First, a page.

The effect of proximity on housing prices is also evidenced in the analysis of price changes of specific developments within the vicinity of Bedok Reservoir MRT station. 

As seen in the table above, Baywater, a development that is less than 100m away from the station, saw a 21% increase within two years of the announcement of the development of an MRT station. On the other hand, Aquarius by the Park, a development about 400m away from the station, saw a lower increment. 

Simply put, in terms of proximity’s effect on housing prices, it is clear that generally, the nearer the development is to an MRT station, the higher the average price. This result is not surprising, considering the fact that being close to an MRT station brings about a lot more convenience and accessibility. 

 

Commencement of Construction’s Effect on Housing Prices

While the announcement and proximity of an MRT station generally have a positive impact on housing prices of surrounding residential developments, these positive gains and prices constantly fluctuate along with the development life cycle of the MRT station—prices typically trend lower in the construction phase.

A study conducted by Knight Frank Research found that shortly after the announcement of MRT development plans, owners of residential developments situated in close proximity to the station would benefit from the initial attraction that homebuyers would show. This initial interest would then translate to the potential price gains that we see from the examples above. Post announcement, homeowners would likely benefit from the higher price gains as well.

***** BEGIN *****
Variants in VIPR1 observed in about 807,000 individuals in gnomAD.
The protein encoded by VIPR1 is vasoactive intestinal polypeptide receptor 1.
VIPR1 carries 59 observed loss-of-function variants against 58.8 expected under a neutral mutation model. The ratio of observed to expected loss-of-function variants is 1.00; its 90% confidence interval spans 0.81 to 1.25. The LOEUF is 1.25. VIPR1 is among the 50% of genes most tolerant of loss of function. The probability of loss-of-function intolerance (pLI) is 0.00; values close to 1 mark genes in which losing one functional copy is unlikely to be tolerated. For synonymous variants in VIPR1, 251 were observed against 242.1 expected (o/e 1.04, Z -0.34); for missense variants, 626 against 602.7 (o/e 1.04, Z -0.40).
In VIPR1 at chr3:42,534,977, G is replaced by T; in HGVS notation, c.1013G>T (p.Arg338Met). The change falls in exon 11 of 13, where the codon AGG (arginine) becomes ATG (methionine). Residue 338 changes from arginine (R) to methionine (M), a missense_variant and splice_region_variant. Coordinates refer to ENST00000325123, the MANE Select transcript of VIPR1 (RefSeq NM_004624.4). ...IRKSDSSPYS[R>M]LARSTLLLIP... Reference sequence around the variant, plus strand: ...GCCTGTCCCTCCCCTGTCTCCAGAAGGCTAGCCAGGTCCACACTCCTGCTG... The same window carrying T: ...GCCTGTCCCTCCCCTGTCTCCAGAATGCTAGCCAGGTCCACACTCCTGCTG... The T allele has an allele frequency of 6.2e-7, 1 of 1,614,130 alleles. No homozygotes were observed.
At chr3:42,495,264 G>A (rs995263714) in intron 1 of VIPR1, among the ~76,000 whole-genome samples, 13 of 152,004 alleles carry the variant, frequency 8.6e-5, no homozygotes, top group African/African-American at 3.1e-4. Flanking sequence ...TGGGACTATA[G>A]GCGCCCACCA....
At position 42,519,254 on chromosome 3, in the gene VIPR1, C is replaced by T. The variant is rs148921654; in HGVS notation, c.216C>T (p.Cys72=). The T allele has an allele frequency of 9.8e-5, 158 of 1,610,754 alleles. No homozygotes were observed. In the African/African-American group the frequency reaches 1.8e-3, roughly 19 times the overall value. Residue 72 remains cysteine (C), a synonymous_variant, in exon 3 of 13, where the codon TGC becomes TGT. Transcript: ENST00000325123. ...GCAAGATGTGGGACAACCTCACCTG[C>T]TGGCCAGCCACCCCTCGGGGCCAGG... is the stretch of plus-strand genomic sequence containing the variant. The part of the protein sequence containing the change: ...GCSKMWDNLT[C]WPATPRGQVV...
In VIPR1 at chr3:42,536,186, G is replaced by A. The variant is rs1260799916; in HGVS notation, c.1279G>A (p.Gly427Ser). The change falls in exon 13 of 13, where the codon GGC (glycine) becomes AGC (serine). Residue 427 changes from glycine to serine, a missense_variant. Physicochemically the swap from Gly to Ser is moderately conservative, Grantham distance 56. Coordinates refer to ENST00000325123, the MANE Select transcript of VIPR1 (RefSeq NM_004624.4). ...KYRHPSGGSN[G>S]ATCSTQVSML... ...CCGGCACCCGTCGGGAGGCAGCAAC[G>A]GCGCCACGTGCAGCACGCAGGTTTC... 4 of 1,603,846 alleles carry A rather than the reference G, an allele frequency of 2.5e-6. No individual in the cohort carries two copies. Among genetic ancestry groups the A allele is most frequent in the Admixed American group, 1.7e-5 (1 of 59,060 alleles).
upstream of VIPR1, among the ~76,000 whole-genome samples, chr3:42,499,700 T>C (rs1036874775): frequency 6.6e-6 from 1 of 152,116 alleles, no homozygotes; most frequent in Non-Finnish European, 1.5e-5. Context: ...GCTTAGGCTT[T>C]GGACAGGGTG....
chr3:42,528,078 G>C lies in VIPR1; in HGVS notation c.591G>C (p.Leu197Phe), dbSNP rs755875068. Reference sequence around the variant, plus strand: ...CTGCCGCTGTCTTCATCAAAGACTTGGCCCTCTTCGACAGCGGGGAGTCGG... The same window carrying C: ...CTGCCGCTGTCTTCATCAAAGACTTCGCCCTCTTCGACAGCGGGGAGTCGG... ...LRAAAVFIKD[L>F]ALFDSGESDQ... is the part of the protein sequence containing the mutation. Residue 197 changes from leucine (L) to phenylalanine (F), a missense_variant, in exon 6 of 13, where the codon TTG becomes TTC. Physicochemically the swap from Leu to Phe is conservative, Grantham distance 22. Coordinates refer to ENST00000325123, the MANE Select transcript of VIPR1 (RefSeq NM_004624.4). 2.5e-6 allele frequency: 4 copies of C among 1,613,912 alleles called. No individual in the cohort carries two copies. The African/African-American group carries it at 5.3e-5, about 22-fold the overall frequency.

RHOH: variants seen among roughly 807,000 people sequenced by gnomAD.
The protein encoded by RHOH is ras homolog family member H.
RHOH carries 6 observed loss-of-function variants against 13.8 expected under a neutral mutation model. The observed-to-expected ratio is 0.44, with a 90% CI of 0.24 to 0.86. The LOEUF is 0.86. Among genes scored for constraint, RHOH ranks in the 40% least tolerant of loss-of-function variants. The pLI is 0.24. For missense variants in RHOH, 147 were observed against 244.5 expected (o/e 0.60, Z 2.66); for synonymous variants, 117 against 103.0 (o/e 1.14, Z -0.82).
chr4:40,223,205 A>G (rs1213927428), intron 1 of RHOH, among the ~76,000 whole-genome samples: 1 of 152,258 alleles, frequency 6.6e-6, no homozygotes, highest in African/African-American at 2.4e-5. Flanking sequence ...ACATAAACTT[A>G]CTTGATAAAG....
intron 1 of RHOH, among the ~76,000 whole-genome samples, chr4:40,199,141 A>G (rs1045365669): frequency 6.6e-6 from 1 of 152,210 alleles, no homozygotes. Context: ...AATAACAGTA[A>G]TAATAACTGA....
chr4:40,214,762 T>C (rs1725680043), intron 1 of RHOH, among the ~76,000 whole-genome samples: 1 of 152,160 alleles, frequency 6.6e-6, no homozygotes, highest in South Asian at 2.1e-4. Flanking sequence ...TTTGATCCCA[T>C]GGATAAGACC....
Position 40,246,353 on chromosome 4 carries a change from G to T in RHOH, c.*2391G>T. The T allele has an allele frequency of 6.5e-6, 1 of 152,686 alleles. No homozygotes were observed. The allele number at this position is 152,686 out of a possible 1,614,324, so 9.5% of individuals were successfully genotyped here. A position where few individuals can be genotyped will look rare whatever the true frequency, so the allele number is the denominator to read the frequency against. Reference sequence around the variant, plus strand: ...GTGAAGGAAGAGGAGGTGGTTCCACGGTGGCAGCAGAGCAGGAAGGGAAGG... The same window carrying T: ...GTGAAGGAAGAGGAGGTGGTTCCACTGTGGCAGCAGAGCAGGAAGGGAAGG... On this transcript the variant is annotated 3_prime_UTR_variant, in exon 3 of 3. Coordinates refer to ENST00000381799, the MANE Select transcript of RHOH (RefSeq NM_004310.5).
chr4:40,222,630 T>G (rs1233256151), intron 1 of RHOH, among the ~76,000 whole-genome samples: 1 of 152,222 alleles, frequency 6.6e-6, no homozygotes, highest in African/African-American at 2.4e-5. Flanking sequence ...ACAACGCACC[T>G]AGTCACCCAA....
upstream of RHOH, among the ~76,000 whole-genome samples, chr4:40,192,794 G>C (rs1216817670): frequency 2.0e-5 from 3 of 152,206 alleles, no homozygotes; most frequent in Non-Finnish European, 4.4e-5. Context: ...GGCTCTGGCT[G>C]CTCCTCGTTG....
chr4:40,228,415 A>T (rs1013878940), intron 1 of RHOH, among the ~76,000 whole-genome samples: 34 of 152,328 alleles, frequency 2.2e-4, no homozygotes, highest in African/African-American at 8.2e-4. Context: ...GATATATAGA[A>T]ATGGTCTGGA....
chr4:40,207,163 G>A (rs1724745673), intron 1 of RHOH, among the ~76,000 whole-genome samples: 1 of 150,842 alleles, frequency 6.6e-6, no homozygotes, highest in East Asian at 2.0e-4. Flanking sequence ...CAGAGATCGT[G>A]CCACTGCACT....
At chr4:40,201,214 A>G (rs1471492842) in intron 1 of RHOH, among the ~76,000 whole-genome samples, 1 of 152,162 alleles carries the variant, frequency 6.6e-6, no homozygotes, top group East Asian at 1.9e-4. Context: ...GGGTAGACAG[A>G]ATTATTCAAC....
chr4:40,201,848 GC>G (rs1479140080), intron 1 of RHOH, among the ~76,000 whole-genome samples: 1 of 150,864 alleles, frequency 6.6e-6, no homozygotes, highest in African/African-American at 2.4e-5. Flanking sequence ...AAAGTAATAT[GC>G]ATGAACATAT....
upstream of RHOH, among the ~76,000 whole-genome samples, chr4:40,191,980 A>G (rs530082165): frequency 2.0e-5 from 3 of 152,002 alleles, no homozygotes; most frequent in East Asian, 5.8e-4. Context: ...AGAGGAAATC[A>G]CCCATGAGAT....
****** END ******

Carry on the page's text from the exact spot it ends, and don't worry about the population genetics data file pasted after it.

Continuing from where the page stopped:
However, once construction and MRT infrastructure works commence, noise pollution, air pollution, as well as traffic disturbances that arise due to the construction phase may affect the surrounding environmental conditions and in turn impact property values. This impact of externalities on property value can be seen in the table below, where developments situated near Bedok Reservoir MRT station saw a decline of 9.8% when construction commenced. 

What this essentially means is that the gains in housing prices following the initial announcement and the period after the announcement may be short-lived due to the adverse effects of construction of infrastructure. Perhaps this means that people want the added layer of convenience and accessibility that an MRT station brings and are willing to pay higher prices to purchase this luxury. However, they are less willing to do so when it means that they have to compromise in terms of having to withstand the negative externalities of infrastructure construction.

Analysts also suggest that properties hit badly by construction work would see a temporary dip in prices. It is forecasted that once an MRT line is ready, nearby properties could enjoy a premium of 10% to 30%, depending on proximity and market conditions. This could mean that the temporary dip could provide a great window of opportunity for homebuyers to jump in.